Corcoran, Thomas G.
CORCORAN, THOMAS G.
Thomas Gardiner Corcoran (December 29, 1900–December 6, 1981) was an ebullient New Deal legislative draftsman and presidential confidant. Born in Pawtucket, Rhode Island, Corcoran overcame anti-Irish prejudices to graduate at the head of his class at Brown University and the Harvard Law School, and to clerk for Supreme Court Justice Oliver Wendell Holmes, Jr. At the Wall Street law firm of Cotton & Franklin, Corcoran handled securities issues and aimed at making his own fortune in the stocks, but he lost badly when the market crashed in 1929. In 1932 Corcoran went to Washington as a counsel to the Reconstruction Finance Corporation (RFC).
At the start of the Roosevelt administration, Harvard law professor Felix Frankfurter recruited Corcoran, James M. Landis, and Benjamin V. Cohen to draft the federal Securities Act of 1933. Corcoran spent most of his time keeping peace between his brilliant but high-strung collaborators. Winning acclaim for their work, the young lawyers were dubbed the "Happy Hotdogs" for their patron. Afterwards, Landis was appointed to the Federal Trade Commission to help enforce the Securities Act, while Corcoran joined Cohen to work on other legislation. Together they drafted the Securities Exchange Act of 1934, the Public Utilities Holding Company Act of 1935, and the Fair Labor Standards Act of 1938. As a team, Cohen was the more innovative thinker, while Corcoran was the energetic lobbyist for their ideas. Both bachelors at the time, Corcoran and Cohen rented a large house in Georgetown and made it a social as well as political center for other liberal New Dealers.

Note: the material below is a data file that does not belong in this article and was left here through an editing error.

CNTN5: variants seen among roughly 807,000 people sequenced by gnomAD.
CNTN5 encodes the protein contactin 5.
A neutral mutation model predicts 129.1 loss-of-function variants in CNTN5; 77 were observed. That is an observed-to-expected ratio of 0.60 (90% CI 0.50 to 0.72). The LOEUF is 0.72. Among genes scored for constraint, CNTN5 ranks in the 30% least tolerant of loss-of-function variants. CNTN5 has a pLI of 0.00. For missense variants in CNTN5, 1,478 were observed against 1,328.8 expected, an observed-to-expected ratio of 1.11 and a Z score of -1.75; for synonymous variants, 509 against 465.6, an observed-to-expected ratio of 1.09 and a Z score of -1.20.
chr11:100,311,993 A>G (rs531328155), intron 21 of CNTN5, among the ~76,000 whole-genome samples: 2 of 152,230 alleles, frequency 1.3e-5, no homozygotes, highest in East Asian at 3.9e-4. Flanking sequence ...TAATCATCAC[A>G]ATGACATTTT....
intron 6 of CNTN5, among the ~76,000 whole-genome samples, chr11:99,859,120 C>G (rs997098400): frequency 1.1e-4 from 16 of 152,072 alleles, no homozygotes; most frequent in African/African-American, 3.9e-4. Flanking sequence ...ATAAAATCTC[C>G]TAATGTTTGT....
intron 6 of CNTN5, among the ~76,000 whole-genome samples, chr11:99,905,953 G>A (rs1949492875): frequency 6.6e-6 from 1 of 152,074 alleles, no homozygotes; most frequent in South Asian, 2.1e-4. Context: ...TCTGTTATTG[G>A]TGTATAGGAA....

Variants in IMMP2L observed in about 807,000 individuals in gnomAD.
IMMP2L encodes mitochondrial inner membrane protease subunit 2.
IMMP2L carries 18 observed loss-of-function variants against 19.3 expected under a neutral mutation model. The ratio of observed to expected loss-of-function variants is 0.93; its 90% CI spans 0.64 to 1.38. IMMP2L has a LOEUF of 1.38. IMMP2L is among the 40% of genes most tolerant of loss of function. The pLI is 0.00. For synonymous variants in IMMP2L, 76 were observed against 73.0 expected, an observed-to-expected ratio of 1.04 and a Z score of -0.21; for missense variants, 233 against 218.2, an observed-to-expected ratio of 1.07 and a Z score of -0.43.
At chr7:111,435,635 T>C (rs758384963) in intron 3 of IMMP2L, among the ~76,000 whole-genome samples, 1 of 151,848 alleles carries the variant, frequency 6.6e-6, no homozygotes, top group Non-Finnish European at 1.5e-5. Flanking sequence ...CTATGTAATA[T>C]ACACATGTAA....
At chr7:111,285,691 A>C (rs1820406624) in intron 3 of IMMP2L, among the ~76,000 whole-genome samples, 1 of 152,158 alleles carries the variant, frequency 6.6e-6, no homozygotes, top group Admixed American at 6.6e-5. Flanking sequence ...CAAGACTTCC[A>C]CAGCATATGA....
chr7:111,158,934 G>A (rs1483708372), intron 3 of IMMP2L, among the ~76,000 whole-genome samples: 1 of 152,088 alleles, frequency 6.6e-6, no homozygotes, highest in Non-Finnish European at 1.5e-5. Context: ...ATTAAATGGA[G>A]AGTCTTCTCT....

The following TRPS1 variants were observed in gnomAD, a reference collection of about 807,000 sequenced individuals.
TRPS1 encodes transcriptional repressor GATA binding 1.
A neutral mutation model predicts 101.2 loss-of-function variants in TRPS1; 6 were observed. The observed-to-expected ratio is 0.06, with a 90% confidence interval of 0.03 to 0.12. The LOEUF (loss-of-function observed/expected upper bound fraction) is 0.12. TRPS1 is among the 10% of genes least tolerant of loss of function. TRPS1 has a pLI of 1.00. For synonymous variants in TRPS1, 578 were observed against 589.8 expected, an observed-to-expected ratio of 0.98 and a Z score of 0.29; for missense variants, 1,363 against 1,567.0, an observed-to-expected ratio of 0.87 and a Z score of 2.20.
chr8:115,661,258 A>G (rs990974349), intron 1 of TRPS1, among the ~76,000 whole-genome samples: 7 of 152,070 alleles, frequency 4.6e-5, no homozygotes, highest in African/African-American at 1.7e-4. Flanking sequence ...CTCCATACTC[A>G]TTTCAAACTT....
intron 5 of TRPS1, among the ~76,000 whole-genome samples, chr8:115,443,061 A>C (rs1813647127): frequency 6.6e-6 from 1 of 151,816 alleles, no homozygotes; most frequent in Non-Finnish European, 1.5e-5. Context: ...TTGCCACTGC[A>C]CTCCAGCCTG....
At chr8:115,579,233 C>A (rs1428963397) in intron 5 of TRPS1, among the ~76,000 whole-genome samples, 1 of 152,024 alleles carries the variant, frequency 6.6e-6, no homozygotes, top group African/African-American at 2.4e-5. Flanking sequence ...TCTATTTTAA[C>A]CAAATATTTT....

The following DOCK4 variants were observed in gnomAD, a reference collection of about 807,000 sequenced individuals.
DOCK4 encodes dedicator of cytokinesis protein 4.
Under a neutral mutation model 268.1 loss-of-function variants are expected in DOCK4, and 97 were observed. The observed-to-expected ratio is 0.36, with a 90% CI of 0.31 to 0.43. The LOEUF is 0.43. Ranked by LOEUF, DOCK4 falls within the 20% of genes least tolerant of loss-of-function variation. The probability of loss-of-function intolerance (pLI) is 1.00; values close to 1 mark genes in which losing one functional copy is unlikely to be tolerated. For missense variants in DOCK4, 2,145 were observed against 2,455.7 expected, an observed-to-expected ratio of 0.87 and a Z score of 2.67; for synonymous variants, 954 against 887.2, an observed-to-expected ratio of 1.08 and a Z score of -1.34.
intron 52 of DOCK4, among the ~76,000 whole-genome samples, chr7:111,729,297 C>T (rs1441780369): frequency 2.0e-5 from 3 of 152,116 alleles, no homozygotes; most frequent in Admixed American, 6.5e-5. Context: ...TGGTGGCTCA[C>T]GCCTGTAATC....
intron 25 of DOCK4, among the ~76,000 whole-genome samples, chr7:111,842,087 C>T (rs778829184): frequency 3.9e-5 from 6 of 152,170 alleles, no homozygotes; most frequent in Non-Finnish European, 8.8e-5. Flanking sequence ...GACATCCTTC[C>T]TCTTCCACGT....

Corcoran drew the personal attention of President Roosevelt, who nicknamed him "Tommy the Cork." At social gatherings, Corcoran entertained the president by playing the accordion and singing Irish ballads. Roosevelt also appreciated his talents as a writer. Corcoran drafted Roosevelt's speech accepting renomination in 1936, with its memorable imagery of a "rendezvous with destiny." On Frankfurter's advice, however, Roosevelt kept Corcoran and Cohen in their lower-level positions to do utility work on a range of New Deal projects rather than appoint them to the higher offices they expected. Although he worked temporarily in the Treasury and Justice departments and frequently at the White House, Corcoran spent most of his government service on the RFC's payroll. He loyally supported Roosevelt's efforts to enlarge the Supreme Court in 1937 and was suspected of being an instigator of the president's efforts to purge conservative Democrats from the party in 1938.
Corcoran married his secretary, Margaret (Peggy) Dowd, in 1940, and had five children. To provide for his family he returned to private practice, anticipating that Roosevelt would name him solicitor general during this third term. But Corcoran had become too controversial and the threat of a divisive confirmation fight dissuaded Roosevelt from nominating him. Corcoran shifted from New Dealer to wheeler-dealer, growing wealthy as a Washington lobbyist who represented corporate interests on Capitol Hill and at the federal agencies. Although he never held another government post, he remained close to such prominent politicians as Lyndon Johnson. Corcoran's K street office conspicuously displayed photographs of himself and Johnson to confirm his status as an insider, along with copies of the conservative magazine National Review to reassure his clients.
Corcoran, Thomas G. "Rendezvous with Destiny" (an unpublished memoir). Manuscript Division, Library of Congress, Washington D.C.
Lash, Joseph P. The Dealers and the Dream: A New Look at the New Deal. 1988.
Niznik, Lynne. "Thomas G. Corcoran." Ph.D. diss., University of Notre Dame, 1981.
Donald A. Ritchie